Looking at the rest of the method and the plethora of if and return statements, it is less obvious how far into the method our instrumentation code should go. All of those conditions might look very opaque, but you may be happy to know that you don’t need to understand them all to decide where to put the instrumentation code.

Most of the conditions in InlineFlowBox::paint have to do with the different phases of painting. I mentioned earlier that CSS defines the order in which painting should be done: WebKit uses paint phases to implement this. So all these if statements are doing is ensuring that only the proper things are drawn in a given phase. If we were writing production code, we would need to determine in which phase our outline should be drawn in, and make sure that it is only drawn in that phase. However, since this is exploratory code, we can just draw the outline in every phase, which will ensure that it gets shows up on top of any other content rendered by this object. The simplest way to do this is to place the instrumentation code as the first thing after it is determined that painting should happen.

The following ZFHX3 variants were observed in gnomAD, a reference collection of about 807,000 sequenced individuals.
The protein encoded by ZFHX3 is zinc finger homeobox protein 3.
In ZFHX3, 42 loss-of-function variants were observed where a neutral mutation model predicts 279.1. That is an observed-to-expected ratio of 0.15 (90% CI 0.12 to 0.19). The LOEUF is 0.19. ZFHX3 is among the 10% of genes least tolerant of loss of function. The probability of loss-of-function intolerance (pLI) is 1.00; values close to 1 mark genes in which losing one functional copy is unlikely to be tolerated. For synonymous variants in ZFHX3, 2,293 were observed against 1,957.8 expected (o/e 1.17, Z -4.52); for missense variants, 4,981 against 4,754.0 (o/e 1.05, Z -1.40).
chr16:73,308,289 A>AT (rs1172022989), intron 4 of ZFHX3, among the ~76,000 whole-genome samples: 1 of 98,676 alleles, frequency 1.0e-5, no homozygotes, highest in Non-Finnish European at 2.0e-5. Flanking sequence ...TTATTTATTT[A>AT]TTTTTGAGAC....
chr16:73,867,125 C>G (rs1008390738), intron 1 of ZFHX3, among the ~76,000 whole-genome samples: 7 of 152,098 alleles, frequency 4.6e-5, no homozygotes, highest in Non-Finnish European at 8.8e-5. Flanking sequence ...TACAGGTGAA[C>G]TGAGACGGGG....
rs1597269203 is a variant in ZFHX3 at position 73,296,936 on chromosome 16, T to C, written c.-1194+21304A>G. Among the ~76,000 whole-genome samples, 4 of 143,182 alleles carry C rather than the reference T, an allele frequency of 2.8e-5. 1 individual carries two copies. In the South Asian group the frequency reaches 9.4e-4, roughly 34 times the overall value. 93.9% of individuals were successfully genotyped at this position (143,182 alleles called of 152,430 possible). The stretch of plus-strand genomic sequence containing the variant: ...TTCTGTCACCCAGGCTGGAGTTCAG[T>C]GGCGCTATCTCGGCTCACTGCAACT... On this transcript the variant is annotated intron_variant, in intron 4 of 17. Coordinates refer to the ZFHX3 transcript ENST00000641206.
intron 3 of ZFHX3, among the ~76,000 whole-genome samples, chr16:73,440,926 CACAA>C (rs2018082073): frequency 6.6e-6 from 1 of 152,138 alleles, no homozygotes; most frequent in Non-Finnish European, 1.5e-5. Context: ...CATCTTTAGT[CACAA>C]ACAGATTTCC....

Great! Now we know where the code should go, and we know which variable contains our bounding box, so we can take the code from earlier, changing overflowBox to overflowRect and changing the color to red just in case we want to have this active at the same time as the changes to RenderBlock:

Color color;
color.setRGB(255, 0, 0);
paintInfo.context->setStrokeColor(color, style()->colorSpace());
paintInfo.context->strokeRect(overflowRect, 2);

That’s the right direction, but if you do this, you will find out that it doesn’t compile: the compiler can’t find a style() method! That’s because we’ve discovered that InlineFlowBox is not a render object, it is a helper, used by render objects like RenderInline.

Luckily, these helper objects have a reference to their render object, accessible via the m_renderer instance variable. This allows us to make one more change to our code which will allow it to compile:

Color color;
color.setRGB(255, 0, 0);
paintInfo.context->setStrokeColor(color, m_renderer->style()->colorSpace());
paintInfo.context->strokeRect(overflowRect, 2);

And then you can see the InlineFlowBoxes in all their glory:

What’s next?

If you didn’t get a working build before reading the whole thing, I would suggest going back, setting up a build, and then trying out the code. It really is a great way to learn how layout (and even a bit of painting) works.